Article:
Daughter of Madness: logistics edition

Hey everyone! It’s been a while since I’ve posted directly here. For those keeping track, we’re a little over halfway through the blog tour. I’ll be officially back here with your weekly Friday post in July. July 27th to be exact. But since I had some thoughts to share, I thought I’d check in to do a quick rundown of the publishing process for Daughter of Madness.

dfw-am-dom-cover-3d-nologo.jpg

So first, let’s outline the normal process in a traditional publishing house.

  1. Finish a first draft.
  2. Finishing rewrites.
  3. Sell the book to a house.*
  4. Cover design.
  5. Final edits.
  6. Formatting.
  7. Proofing.
  8. Printing/Publication.

*For a sequel, you typically sell the series first so this would be step #1.

This is not exactly how things flowed for this book, but this is the process you’re most likely to see for a book through a publishing house, with some wiggling. I also have to note there’s a huge marketing piece of publishing a book as well that is very difficult to juggle and deserves some examination, but for now we’re just going to focus on publication, not marketing. This is only what it takes to make the book, not to get people to buy it.

The process for Daughter of Madness was a little out of order from the above. It looked something like this:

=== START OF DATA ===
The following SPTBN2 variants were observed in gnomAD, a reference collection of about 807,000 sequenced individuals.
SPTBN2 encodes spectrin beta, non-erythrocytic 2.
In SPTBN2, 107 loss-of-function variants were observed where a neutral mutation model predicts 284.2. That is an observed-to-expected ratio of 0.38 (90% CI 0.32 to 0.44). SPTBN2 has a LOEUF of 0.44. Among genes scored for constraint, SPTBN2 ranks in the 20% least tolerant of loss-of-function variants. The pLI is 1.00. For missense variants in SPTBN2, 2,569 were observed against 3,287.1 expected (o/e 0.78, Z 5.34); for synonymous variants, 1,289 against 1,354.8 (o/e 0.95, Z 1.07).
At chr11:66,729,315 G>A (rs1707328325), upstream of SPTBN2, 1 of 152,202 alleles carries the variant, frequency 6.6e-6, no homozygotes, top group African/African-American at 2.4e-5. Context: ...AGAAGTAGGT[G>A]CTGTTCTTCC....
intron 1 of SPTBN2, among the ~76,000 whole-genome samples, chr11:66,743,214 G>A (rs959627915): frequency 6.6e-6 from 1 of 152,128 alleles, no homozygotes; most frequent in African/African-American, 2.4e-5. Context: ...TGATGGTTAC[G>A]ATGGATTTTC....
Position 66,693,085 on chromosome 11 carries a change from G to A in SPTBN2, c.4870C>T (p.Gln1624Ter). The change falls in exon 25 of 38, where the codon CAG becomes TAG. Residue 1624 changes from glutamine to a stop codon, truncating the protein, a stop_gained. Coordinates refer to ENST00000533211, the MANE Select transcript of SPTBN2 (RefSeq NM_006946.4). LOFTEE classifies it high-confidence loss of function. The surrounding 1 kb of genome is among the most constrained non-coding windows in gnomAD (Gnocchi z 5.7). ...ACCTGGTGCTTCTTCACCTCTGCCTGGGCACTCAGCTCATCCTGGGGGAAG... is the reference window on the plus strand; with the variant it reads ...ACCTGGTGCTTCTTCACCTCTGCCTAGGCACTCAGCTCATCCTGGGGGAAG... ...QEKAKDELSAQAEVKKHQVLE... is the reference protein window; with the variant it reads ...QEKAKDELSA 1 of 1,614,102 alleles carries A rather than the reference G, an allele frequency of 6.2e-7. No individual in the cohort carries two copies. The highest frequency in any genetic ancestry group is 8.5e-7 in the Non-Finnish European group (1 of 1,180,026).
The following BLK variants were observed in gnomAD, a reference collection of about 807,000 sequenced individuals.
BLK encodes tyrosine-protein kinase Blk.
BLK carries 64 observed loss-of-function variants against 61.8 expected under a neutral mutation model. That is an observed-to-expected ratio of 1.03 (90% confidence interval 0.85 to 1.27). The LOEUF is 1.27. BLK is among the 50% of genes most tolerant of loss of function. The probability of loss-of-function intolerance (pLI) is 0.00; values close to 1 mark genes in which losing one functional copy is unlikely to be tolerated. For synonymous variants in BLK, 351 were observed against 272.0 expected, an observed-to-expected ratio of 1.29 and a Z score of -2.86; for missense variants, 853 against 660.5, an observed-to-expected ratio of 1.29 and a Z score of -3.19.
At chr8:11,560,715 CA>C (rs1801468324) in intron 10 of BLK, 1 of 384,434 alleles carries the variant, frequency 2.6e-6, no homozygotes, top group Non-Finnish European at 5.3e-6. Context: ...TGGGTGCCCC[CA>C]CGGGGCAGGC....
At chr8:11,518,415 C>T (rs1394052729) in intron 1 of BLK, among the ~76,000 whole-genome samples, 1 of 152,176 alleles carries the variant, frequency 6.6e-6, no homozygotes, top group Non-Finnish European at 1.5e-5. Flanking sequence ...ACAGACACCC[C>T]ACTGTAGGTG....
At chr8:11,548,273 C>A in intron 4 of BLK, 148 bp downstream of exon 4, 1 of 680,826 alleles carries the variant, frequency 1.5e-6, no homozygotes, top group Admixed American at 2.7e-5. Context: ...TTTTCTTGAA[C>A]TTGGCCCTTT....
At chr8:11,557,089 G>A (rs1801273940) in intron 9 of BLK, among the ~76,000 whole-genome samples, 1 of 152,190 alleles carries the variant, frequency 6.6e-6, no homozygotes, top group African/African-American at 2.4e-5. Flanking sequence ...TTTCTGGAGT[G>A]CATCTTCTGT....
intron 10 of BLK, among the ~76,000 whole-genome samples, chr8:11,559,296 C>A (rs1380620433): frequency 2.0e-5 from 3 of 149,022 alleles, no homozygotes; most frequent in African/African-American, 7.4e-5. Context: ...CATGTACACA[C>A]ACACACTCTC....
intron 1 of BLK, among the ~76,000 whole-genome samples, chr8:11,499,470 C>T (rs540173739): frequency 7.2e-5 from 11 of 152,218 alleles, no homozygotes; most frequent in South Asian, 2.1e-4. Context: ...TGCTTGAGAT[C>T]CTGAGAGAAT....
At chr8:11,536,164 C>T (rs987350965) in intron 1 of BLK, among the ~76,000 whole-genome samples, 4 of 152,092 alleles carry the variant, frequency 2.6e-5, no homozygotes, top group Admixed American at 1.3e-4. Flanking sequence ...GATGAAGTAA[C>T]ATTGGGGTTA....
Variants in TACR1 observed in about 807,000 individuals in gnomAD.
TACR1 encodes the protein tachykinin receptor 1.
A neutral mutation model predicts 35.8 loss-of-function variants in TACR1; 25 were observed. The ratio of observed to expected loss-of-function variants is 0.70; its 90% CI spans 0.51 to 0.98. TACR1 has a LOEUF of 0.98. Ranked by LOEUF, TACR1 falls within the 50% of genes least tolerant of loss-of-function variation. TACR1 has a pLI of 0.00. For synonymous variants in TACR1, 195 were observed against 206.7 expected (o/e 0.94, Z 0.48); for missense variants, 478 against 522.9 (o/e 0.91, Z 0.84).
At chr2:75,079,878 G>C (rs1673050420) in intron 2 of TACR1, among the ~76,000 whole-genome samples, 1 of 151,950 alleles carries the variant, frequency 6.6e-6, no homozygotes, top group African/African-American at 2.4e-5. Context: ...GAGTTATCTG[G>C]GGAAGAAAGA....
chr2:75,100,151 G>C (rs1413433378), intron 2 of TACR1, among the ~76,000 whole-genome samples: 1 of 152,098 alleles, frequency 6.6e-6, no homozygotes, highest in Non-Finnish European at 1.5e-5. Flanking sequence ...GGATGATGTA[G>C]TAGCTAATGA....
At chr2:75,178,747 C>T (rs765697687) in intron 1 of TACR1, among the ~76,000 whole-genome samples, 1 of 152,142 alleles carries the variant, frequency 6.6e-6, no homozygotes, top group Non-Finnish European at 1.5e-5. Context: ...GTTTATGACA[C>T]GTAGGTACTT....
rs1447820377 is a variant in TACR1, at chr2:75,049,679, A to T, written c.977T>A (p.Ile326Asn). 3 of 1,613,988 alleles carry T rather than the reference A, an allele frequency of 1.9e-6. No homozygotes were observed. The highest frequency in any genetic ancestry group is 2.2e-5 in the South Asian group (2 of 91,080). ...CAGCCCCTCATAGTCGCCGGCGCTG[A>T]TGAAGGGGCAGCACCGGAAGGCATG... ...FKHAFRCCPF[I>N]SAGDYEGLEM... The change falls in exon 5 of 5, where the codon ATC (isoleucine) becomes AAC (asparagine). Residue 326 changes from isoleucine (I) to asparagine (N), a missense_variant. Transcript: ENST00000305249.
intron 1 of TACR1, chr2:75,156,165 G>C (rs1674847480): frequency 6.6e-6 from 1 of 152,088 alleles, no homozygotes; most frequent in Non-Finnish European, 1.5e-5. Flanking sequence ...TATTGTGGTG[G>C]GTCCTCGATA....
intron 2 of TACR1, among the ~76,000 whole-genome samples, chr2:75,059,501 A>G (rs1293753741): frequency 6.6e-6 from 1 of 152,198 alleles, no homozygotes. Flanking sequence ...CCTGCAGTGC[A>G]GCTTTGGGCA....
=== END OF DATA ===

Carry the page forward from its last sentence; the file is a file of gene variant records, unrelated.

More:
1. Cover design.
  2. Finish a first draft.
  3. Finish rewrites.
  4. Final edits.
  5. Proofing.
  6. Formatting.
  7. Ebook publication.
  8. Cover revisions (print version).
  9. Print publication.

First, let’s talk about the things that went great. This was my first time doing Kindle Preorders. That was excellent. It gave me a hard release date to work towards and market around. I sold some books before I had even finished polishing, though not as many as I would have liked. The downside of the preorder was that I set it up before I was done with step #3 up there, so I was really scrambling at the end and lost a lot of sleep, as one might imagine. That said, overall the ebook launch went off without a hitch.

The print book launch had some glitches.

First, I did my print book launch through CreateSpace, not through Amazon. I made this choice because, for me, it is better to maintain distribution flexibility by using CreateSpace. Many bookstores, libraries, etc, will not buy direct from Amazon. There are other POD services that can be used that I will be investigating for the next book, because CreateSpace is really not competitive in terms of its functionality. It really feels a bit like it’s being intentionally lampooned, actually. I

With the print book, I could not set a preorder date. That means that I couldn’t go through the review process and then be sure my book would show up for order on Amazon at a set time. I could and did publish to CreateSpace pretty quickly, but the rollout to other distribution channels can take up to 8 weeks for some markets, which is insane. Combine that with other glitches that were totally on my end, and I just received personal copies of the print book this Tuesday and just saw it listed on Amazon this Wednesday.